The main issues I have are restrictive and constricting patterns, and the lack of masculine wear. However…in my mid-thirties, now, my clothes are kind of encouraging me to move on into skirts and dresses, because they just fit better and are more comfortable. As long as I can move enough to fight or escape, I’m fine. The issue arises when I try to run in a pencil skirt and clip myself; or lift my hand above my head, and my shirt exposes my belly; or lean over, and others can see down my collar; or my dress is made to stay up only by clinging to my breasts. That’s when I have issues.

But the first time we went to Oahu, we went to a muumuu factory…and I got some really nice, comfortable, lightweight dresses that fit. It’s amazing to me. If I lived in Hawaii, I would without question be wearing skirts and dresses. It’s just really sticky, otherwise.

Both beadweaving and sewing are methods of fine hand-work that can have a lot to do with color, but they aren’t the same thing. In one form you’re working linearly; in the other, with joining two-dimensional flat pieces.

In sewing, I just need to learn when to use which stitch, and when it’s actually smart to switch to a sewing machine. I’m interested in hand-stitching, which came from manipulating a needle and thread in beadweaving. After a while, you just get used to sticking yourself; but for some reason, I get pleasure out of manipulating a needle and thread.

The other tangent I intend to continue on is working with beaded micromacrame. I’m just not certain which of these — sewing, embroidery, wirework, beaded micromacrame, beadweaving, or beadwork more generally — I’ll end up dealing with most (maybe I should rate how far I have progressed in each, in my Bullet Journal?). I do realize now, however, that all of these skills will likely be in-demand if I become a Public Librarian. I know enough to be able to teach or co-learn, and I have the interest.

I should get some rest before I stay up into the early morning again: I have work tomorrow, and need to pick up some fresh produce, afterwards. Luckily, I don’t have to stay there long, and the work should already be underway by the time I get there; the tough part of resuming work after a holiday closure, should be either done or in-progress.

I’m also considering getting a lucet (for interlooping) tomorrow. Like a crazy person. But we’ll be in the area…

If I ever get these interlooping things in hand (har har), I can show you what the chains are supposed to look like… (Hardly anyone knows what interlooping is, like hardly anyone knows what tatting is. Don’t feel bad…)

Japanese-language skills.

They grow, they do.

One thing I can say about having been to Oahu recently is that it gave me ample opportunities to read Japanese language — and overhear conversation, which isn’t of much use at this point, except for distinguishing regional dialect.

I read the name of what is likely my family’s dialect [chugoku-ben] in one of my books (Okamura, 2014), based on the region my ancestors came from, combined with the historical context (that is, why and when they came). It’s fairly clear to D and I that there are some speakers (mostly older, at this point) who are easier for us to understand; this likely has to do with both dialect and generation. That is, if it is chugoku-ben that we recognize and understand, it’s likely the chugoku-ben of older generations, not as it is moving on (as many things continue to do) in Japan.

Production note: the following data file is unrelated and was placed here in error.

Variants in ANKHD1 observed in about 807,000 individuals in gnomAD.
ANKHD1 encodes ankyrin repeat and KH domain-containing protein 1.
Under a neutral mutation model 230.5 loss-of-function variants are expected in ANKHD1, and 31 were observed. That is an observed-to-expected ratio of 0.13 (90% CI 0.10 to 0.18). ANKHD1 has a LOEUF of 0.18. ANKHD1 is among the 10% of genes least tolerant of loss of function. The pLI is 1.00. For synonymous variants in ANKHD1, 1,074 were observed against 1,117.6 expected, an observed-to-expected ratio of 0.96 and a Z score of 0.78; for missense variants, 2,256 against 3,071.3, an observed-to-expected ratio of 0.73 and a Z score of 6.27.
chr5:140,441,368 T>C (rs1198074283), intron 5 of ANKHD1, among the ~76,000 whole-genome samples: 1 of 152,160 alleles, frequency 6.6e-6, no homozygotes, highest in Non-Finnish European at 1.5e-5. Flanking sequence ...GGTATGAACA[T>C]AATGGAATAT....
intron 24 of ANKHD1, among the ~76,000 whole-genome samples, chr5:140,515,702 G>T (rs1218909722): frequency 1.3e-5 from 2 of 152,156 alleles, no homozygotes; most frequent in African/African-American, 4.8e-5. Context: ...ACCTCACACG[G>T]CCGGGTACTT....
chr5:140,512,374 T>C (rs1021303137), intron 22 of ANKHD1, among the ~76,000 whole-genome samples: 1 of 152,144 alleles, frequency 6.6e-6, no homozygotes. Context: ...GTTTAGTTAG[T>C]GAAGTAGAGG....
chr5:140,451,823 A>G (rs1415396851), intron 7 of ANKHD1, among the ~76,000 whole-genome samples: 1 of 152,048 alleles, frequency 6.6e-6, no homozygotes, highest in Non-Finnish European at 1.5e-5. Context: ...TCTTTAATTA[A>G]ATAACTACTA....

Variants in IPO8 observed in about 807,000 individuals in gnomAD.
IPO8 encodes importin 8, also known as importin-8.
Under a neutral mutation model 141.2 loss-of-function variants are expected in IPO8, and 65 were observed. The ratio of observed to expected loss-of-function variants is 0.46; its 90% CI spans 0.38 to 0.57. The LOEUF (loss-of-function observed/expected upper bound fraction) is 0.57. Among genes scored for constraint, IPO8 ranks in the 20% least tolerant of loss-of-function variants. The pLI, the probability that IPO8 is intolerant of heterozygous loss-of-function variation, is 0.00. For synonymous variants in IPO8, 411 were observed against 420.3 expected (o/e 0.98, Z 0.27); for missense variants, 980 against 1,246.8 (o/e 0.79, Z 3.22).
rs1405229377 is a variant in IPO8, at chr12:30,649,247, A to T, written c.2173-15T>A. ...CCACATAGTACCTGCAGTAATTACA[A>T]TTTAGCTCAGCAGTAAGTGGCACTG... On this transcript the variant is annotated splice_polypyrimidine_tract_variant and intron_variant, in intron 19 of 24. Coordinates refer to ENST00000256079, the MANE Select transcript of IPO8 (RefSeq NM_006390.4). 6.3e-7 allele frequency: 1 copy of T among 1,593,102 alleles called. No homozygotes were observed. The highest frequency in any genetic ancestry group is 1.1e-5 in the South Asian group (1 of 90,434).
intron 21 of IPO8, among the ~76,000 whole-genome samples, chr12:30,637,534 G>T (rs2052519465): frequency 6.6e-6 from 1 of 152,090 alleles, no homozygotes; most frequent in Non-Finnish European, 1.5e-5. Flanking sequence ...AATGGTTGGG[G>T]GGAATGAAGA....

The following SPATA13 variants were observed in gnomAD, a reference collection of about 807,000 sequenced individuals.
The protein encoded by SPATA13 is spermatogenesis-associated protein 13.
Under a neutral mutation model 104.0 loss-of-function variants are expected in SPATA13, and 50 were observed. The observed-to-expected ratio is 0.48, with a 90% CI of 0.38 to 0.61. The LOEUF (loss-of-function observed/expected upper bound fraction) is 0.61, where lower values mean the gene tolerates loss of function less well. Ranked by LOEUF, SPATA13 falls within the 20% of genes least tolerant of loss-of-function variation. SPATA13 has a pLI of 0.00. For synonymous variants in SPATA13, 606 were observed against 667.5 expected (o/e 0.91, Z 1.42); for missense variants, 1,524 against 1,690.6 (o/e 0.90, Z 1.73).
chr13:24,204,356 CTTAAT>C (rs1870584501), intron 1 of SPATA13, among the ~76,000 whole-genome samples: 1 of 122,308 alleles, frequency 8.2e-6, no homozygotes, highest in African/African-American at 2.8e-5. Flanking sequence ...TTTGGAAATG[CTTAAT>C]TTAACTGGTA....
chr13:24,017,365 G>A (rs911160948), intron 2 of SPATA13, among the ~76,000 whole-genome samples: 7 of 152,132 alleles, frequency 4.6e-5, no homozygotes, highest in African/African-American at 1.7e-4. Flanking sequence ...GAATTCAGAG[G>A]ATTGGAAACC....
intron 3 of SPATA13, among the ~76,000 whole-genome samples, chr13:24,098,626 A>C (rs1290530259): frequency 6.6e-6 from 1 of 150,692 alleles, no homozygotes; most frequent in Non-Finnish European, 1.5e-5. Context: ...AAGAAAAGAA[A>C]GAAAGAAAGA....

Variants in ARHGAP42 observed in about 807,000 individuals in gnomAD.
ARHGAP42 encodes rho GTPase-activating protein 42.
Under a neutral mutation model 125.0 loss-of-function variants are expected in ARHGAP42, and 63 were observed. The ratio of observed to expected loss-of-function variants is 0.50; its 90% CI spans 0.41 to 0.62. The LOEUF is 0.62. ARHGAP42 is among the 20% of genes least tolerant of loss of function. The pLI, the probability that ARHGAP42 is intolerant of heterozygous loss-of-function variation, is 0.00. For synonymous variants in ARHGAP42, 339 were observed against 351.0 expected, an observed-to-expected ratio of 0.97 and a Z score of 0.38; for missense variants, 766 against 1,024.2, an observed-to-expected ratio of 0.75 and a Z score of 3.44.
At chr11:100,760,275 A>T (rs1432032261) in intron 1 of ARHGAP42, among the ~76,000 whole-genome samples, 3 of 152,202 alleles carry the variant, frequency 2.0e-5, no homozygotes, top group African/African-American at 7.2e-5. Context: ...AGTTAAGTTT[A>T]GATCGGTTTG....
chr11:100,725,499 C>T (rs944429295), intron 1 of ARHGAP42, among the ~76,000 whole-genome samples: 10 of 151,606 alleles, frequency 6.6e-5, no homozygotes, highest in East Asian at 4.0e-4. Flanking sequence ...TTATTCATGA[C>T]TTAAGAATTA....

I can only read nihongo partially right now, due to the fact that I don’t know a lot of kanji as things stand. However…if we do move to Oahu, it’s a pretty sure bet that I will have the resources and immersion necessary to actually learn the language. That, in turn, should give me greater access to one of the cultures which has been likely key in my formation. (Most of my adult life has been spent seeking out my own identity; so to be able to recognize the influences on me, would help.)

As stated prior, there are a good number of kanji that I see and recognize, but of which, I just don’t know the corresponding meaning or reading. I was reading through the Table of Contents of a Genki textbook the other day, and found a bunch of these. Because I have so many resources, I’m thinking of hacking it and taking bits and pieces from multiple sources to hasten my learning.

Right now I’m trying to figure out if and where to get rid of my old Japanese-language manga (these are tankoubon, not like an issue of Shounen Jump [I don’t know the technical term for one of these: zasshi?], which would be more akin to a large phone book with multiple individual installments of various running manga published by Jump Comics).

I’ll probably end up taking them to a comic-book store or a used-book store. The thing is…I would give them to the library, but I suspect they’ll be sold at $1 a piece in the bookstore, which is far below their value. I also am not certain they would sell Japanese-language books. However, I’m not sure they’re worth packing up and taking to Oahu (especially given that these series are so old).

Not that I think I’d ever really get back to these, but for the sake of records:

  1. Bastard!! #5 (this is the actual title, I’m not randomly cursing)
  2. Inu Yasha #22
  3. Last Final Election, The (a collection of YYH slash doujinshi)
  4. Rurouni Kenshin #1
  5. Tenshi Kinryoku (Angel Sanctuary) #1
  6. Yuu Yuu Hakusho #7
  7. Yuu Yuu Hakusho #14

When I got these, I was so young that I may have colored in some of the graphics, but I honestly can’t remember in which of my manga I may have done this…